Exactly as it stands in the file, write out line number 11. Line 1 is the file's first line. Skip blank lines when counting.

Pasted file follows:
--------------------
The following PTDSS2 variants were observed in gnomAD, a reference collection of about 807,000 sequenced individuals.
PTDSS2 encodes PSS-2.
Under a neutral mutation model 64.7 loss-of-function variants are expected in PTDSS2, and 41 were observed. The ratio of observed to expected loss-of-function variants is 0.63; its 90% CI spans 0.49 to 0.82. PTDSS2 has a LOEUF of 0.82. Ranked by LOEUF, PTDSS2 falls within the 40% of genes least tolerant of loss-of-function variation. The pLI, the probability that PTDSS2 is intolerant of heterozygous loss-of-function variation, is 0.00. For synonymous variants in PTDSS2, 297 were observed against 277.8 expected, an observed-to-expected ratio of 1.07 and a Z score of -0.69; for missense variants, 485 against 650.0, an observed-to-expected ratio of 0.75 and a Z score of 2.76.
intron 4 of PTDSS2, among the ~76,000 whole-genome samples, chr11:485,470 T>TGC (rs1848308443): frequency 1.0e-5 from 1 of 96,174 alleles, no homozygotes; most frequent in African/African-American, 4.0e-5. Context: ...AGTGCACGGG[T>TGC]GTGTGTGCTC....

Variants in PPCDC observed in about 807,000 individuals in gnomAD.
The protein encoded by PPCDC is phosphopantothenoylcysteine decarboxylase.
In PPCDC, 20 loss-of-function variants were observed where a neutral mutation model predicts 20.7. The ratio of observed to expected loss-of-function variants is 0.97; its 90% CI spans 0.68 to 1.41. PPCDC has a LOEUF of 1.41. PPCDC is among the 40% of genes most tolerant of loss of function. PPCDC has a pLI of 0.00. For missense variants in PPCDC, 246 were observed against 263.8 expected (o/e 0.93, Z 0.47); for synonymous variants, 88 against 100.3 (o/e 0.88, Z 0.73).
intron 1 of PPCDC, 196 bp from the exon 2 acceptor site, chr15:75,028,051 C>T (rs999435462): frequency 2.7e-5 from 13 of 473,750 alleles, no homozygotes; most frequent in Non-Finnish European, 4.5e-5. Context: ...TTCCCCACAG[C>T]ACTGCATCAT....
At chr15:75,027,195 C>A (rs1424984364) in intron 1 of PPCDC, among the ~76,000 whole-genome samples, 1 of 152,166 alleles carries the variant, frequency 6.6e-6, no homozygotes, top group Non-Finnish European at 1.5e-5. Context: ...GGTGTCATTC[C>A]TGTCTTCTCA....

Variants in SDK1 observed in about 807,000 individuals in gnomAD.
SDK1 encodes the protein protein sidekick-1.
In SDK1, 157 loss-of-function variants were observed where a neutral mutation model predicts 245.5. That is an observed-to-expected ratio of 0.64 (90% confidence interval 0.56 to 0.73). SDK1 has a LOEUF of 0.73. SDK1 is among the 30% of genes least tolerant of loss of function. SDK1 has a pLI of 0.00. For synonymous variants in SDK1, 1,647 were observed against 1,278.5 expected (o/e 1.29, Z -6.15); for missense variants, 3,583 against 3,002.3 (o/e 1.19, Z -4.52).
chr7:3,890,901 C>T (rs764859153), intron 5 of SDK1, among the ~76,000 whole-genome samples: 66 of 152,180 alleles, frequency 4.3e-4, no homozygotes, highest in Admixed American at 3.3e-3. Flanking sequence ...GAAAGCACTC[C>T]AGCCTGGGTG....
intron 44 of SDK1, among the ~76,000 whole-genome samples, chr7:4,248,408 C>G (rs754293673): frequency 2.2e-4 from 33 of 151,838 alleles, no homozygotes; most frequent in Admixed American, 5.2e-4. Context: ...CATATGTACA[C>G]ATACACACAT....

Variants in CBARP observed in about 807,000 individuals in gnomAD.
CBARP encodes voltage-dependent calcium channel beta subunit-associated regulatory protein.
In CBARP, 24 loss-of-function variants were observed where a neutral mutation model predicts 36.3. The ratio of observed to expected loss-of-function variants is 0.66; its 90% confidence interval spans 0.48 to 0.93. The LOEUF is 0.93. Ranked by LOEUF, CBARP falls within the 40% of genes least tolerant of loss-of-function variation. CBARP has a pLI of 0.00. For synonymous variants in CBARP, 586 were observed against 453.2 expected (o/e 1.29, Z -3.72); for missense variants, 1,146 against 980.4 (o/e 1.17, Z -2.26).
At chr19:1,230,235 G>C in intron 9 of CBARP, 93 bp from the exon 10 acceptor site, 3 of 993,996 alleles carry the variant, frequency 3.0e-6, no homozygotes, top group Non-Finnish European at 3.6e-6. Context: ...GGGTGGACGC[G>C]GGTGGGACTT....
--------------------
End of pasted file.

SDK1 encodes the protein protein sidekick-1.